My response was, “OK.” It honestly had never entered my mind.

To this day, fans know how many championships I won. When I ask them what my scoring average was, they have no idea. I made a name for myself because I was part of an unbelievable basketball team that won NBA championships, and that’s what it’s all about.


   

Who were some of the unsung heroes you played with in L.A.—guys who left it all on the court but didn't get the headlines the starters did?

   

Mychal Thompson and Kurt Rambis were two guys who didn’t get a whole lot of headlines. But every game you knew what you were going to get from them. Mychal was one of the best sixth men ever to play in the NBA.


   

He was a funny guy, too.

   

Yeah, he was. We actually had a bunch of funny guys on that team. We had fun on the basketball court, fun on the plane, we went to movies together, we hung out—we truly liked each other and cared about each other. And we enjoyed competing together against other people. My rookie year, Magic told me, “When we win, we all win.” That made a big impression on me.



Byron learned lessons about playing and winning that would later enable him to make a quick transition to coaching—although he hardly realized it at the time. It wasn’t until he signed with the Indiana Pacers in 1993–94 that he began to see how his knack for winning could rub off on other players.


   

How much did you absorb from Pat Riley during your Laker years? He obviously saw something in you as a player that made him think you'd make a fine coach. Did you sense that, too?

   

It was something at that time that he saw. I honestly don’t know where it came from. We were talking one day, and he said, “You’ll understand someday when you become a coach.”

I looked at him and said, “You’re crazy. I’m never going to become a coach.”

I shrugged it off and never gave it a second thought. Years later, in Indiana, Larry Brown asked me if I’d ever thought about coaching. I said, “No, not really.”

He said, “I really think you would make a good coach.” That’s when I remembered Riley’s words five or six years earlier, and I kind of stored that in the back of my mind after that.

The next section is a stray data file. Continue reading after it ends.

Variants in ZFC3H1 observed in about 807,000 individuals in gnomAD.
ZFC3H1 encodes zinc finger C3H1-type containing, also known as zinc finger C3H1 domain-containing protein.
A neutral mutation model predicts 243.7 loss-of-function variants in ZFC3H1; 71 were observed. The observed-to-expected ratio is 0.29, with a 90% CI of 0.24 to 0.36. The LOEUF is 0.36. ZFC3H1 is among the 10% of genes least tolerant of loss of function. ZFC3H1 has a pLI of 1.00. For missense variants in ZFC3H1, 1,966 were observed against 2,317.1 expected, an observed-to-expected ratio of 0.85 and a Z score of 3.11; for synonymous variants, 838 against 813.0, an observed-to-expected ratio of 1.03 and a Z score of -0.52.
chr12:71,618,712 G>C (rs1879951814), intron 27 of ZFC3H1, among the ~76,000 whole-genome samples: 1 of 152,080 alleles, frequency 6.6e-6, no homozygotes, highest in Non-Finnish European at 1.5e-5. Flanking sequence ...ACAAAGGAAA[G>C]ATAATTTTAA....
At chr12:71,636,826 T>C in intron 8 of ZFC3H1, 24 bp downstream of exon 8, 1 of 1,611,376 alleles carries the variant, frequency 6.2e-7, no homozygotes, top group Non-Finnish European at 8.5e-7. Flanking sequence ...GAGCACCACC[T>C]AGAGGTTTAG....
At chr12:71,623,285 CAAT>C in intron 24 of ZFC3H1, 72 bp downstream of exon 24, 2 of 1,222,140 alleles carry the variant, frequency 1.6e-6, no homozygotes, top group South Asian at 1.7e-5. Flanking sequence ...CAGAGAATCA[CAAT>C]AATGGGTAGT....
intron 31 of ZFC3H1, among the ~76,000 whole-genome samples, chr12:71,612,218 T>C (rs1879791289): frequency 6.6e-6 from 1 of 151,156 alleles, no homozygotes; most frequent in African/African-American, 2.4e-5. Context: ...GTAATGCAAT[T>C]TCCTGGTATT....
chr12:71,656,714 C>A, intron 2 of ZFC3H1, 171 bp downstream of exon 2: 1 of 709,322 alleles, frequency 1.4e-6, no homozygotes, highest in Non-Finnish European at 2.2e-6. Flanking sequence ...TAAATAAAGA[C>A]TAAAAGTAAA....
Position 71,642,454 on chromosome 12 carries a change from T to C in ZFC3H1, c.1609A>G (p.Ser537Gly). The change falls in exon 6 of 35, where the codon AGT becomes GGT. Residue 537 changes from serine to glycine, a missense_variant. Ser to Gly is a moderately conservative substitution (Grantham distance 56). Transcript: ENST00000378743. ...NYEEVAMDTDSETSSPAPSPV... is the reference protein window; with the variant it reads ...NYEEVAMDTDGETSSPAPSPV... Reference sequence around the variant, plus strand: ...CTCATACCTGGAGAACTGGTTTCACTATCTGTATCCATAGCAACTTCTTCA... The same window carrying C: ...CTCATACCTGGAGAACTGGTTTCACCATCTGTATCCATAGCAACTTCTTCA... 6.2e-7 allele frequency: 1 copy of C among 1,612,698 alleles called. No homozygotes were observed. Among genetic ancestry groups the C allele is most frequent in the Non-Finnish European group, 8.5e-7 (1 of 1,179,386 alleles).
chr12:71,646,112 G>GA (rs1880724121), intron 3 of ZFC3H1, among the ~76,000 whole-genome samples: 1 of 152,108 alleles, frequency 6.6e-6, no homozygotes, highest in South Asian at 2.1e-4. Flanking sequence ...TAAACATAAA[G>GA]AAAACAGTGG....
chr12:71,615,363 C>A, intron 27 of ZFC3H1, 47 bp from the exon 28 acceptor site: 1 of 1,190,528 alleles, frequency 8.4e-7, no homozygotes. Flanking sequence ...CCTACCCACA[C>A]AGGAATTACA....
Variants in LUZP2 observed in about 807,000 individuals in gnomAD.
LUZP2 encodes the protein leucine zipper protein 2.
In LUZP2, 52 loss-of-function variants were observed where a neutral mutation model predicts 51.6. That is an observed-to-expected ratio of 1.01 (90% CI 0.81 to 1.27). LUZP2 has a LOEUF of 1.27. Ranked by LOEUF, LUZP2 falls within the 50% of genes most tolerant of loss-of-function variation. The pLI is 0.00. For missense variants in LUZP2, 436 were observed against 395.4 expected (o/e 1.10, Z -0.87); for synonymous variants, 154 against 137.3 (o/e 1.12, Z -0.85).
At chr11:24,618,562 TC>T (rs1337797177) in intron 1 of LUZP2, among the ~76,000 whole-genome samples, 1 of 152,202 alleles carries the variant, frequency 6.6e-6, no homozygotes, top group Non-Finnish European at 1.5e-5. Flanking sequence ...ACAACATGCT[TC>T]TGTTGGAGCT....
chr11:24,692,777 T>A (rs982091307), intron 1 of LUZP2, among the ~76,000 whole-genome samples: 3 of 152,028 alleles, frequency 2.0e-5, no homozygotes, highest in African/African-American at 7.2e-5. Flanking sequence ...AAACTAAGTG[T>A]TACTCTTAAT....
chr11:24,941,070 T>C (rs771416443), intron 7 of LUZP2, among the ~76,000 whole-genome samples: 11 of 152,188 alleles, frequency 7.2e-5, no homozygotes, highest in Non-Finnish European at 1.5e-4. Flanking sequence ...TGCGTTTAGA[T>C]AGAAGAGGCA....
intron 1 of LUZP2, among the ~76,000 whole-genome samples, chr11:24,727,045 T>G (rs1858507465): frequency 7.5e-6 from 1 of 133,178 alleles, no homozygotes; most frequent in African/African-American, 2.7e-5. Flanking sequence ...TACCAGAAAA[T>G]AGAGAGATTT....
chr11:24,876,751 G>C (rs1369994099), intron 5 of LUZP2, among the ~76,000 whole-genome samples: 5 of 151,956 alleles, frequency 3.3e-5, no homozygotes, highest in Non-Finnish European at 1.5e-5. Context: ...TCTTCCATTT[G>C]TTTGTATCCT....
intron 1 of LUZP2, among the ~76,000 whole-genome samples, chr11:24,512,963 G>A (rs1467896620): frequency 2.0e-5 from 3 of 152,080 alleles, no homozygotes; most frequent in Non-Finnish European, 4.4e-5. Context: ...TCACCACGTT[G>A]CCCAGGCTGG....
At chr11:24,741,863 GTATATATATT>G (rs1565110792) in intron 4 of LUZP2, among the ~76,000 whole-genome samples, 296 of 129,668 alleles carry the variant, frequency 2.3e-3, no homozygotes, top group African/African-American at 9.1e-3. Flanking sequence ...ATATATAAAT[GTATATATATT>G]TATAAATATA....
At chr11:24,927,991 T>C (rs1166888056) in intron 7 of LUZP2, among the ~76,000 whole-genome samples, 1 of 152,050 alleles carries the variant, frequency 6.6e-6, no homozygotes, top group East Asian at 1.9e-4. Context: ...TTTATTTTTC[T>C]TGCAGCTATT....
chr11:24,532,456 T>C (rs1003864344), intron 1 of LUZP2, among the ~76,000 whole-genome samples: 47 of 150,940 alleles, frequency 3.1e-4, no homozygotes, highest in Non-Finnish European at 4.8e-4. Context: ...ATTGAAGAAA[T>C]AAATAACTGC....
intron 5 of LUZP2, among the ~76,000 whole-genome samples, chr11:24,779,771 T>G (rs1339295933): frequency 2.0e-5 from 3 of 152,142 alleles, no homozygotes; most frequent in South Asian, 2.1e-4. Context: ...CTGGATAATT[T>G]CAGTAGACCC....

Pat Riley book
   

What did you find so unappealing about the thought of coaching for a living?

   

I don’t know. But I’m glad Brown brought it back up, because at that time I was 32 and was starting to wonder what I would do after my playing career. I had matured a bit and was starting to see that coaching might be the ideal outlet.

   

When you signed with the Pacers, it changed that team. They couldn't buy a win in the playoffs until you showed up, and then you swept the Magic that first year. You hit the winning shot in the opening game—you made a "Reggie Miller" with Reggie right on the court. Did that Pacers team have championship-caliber talent?

   

I think so. When I got off the plane in Indianapolis, a reporter interviewed me and asked why I picked the Pacers. I listed the reasons. Number one, Larry Brown. Number two, young talent. Number three, I’m going to teach them how to win.

I also said we were good enough to reach the Eastern Conference finals. He said, “This team can’t win a playoff series, how do you think they’ll get to the Eastern Conference championship?” Lo and behold, we got to the Eastern Conference Finals the two years I was there.


   

That was a bold statement.

   

It was, but I was always saying things that people thought were a little brash or a little overconfident. I said them because that’s what I was feeling at the time. The guys on the Pacers heard it and started to believe in it.



   

It’s nice to have the results to back up the words, right? That way people don’t think you’re just blowing smoke?

   

Yes. Yes it is. It was nice to walk into the locker room in Indiana and mentor the Pacers on the things we did in L.A. to be successful. The great thing about that team was that all those guys listened. They wanted to win, and they knew I knew how.

   

Could you have beaten the Rockets in the Finals?